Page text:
Administrators and faculty in the Moon Area School District, which educates nearly 3,900 K–12 students and is located about 15 miles northwest of Pittsburgh, had already been working toward making their campus communities more inclusive when the protests following the killing of George Floyd heightened their commitment to that mission.

“The discussion on diversity has been happening at our school for some time,” says Barry Balaski, superintendent of the Moon Area School District. “But what we realized is that most of this was coming from the student perspective and didn’t have enough support from the adults. Last year, I reached out to several outside groups that I thought might be able to give us some assistance since we didn’t have a diverse population of employees. Once I moved to the superintendent’s job, high school assistant principal Brendan Hathaway took over.”

Hathaway recalls that, back in January, he and a faculty member “started a conversation with our students of color, and what they told us is that they want to be better represented. They want their culture, their race, their ethnicity to feel more included in what we do here. So we started to look at ways we could better support our students.” Early efforts involved reaching out to Robert Morris University, which is nearby. “We contacted some of their clubs and organizations, for instance the National Council of Negro Women, the Collegiate 100, to see if there were any opportunities for collaboration.”

RMU faculty and staff were enthusiastic about teaming up, and things were off to a good start, according to Hathaway. “But when we saw what happened in the larger society this summer, it highlighted the need for us to do something for our students on an even larger scale,” he says. Hathaway contacted Michael Hauser, former Moon Area High School principal and a current school board member; through their discussions, Hathaway notes, “We saw an opportunity to make more of an impact districtwide.” This work will be spearheaded by a new diversity and inclusion steering committee of diverse stakeholders—parents, former students, and consultants. Key players on the consulting front include Michael Quigley, assistant professor of organizational leadership, educational equity, culturally competent leadership, and nonprofit leadership at RMU, and Dan Taylor, executive president of the African American Chamber of Commerce for Western Pennsylvania. “With all of these stakeholders on board, we’ve started discussing what we can do better as a school district to improve communication between stakeholders and to give all students here a more rewarding experience.”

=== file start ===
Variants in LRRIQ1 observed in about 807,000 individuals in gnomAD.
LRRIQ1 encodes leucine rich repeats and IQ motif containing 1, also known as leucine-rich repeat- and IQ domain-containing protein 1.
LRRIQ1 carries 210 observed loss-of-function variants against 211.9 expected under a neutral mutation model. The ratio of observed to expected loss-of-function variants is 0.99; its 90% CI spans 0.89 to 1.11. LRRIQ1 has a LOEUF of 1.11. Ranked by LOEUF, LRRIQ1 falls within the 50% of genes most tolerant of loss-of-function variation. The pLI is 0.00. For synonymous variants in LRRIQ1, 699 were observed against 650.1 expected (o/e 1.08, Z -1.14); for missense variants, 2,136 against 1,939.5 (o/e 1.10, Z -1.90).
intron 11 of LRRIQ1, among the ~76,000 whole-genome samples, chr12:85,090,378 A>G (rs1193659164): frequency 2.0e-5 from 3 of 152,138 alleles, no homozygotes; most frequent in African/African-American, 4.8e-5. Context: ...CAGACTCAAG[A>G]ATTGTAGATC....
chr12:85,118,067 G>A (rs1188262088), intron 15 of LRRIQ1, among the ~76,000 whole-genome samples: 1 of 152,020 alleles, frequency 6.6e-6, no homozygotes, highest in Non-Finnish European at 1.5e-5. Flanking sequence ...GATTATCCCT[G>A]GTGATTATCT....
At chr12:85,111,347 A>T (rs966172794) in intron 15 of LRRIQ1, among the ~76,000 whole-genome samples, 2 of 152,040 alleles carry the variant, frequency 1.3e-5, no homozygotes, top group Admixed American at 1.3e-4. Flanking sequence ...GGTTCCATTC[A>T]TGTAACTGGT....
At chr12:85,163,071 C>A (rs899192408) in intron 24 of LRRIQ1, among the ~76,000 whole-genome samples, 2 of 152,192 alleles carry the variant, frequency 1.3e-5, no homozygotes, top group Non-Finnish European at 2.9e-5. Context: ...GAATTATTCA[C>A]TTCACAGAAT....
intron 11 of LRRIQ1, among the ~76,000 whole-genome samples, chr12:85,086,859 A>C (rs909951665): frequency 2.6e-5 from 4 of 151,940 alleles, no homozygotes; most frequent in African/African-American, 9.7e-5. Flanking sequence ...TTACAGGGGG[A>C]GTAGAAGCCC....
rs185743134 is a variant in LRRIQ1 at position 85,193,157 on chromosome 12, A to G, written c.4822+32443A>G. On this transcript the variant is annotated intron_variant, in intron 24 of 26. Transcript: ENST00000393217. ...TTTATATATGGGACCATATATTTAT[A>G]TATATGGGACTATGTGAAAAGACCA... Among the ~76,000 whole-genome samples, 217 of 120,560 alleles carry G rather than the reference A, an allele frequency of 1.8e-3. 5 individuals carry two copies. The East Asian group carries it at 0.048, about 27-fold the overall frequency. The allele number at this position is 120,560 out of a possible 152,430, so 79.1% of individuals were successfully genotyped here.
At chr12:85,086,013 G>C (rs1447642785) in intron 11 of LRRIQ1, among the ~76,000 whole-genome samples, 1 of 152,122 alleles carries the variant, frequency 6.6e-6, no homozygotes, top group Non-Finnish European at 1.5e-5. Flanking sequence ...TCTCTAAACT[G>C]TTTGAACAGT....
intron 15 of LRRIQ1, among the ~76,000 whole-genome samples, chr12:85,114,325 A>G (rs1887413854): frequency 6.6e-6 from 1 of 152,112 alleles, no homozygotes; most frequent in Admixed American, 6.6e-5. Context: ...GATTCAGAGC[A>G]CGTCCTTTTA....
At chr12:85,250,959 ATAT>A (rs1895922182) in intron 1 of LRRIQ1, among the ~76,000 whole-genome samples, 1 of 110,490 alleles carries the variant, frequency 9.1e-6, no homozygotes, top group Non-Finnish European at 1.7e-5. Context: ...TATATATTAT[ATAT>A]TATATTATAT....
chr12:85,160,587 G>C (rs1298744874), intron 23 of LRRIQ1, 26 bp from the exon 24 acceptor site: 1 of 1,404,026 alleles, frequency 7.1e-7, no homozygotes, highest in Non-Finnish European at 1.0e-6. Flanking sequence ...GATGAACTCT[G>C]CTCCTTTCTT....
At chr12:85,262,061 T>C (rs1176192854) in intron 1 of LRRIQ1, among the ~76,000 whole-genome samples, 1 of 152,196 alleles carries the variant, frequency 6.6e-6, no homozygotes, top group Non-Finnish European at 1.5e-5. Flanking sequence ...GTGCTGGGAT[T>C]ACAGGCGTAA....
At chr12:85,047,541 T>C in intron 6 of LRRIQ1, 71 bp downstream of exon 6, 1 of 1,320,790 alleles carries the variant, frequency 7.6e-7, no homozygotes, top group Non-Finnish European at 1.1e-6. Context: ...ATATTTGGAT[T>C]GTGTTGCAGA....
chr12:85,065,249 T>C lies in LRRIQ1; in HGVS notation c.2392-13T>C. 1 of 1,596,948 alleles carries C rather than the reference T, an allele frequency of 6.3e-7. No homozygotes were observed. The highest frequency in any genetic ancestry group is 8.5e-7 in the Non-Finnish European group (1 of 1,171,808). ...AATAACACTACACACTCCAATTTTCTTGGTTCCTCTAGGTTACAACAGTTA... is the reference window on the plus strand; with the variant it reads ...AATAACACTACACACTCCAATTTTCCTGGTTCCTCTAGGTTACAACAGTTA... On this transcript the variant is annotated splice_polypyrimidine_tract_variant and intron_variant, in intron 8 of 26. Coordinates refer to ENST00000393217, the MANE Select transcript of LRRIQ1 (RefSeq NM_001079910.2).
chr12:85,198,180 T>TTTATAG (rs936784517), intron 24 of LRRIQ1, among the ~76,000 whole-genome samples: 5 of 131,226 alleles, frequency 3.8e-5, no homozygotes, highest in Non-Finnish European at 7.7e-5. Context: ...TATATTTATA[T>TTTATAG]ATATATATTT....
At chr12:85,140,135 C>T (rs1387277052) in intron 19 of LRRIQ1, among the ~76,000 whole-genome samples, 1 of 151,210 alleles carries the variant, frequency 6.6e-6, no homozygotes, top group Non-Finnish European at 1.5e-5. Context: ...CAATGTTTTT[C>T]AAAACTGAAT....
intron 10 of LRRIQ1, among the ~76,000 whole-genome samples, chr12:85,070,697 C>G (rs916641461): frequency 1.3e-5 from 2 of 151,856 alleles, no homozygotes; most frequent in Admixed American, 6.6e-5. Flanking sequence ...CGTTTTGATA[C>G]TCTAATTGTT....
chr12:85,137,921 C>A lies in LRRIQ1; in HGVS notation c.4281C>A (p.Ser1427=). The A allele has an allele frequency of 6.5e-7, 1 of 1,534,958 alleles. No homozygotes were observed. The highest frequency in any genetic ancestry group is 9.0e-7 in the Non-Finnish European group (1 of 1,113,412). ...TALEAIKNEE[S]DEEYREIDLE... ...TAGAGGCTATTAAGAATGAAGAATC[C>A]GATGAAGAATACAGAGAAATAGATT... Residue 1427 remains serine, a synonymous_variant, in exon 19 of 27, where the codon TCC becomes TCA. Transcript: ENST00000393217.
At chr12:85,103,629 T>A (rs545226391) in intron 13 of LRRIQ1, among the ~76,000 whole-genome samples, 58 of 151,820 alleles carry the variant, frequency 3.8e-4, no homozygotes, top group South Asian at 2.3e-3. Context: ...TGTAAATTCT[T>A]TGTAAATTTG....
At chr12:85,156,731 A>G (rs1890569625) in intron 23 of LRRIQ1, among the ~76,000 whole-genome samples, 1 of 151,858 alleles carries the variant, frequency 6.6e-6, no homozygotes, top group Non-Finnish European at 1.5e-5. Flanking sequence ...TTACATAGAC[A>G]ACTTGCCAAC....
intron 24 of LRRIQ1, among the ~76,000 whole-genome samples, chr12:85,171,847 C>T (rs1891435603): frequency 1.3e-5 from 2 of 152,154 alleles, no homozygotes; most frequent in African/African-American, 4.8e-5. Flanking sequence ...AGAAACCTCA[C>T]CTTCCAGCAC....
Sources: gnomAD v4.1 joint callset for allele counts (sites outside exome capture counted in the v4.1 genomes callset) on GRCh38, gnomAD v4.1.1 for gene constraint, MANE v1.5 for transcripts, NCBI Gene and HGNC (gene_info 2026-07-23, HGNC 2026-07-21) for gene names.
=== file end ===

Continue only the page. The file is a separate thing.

Having the steering committee, Hathaway says, ensures that “instead of just administrators making decisions, we bring in students, parents, and community members to look at all facets of what we do as a district. So, right now, everything’s on the table.”

Balaski believes that is right in line with the intended mission of the committee. “If we do not place diversity in the forefront of educating students, then we have only sought to understand the problems we face instead of making true change,” he says. “We also want to make an effort to look at our hiring practices in order to have a staff that is more representative of our student body.”

Though there is still some uncertainty about what the new school year will look like, Hathaway says that “one of our goals is to meet before the start of school to make sure that, no matter how we come back to school, the steering committee has a plan in place to continue its work. It’s an important initiative that we’re not going to put on the back burner just because of the unknowns.”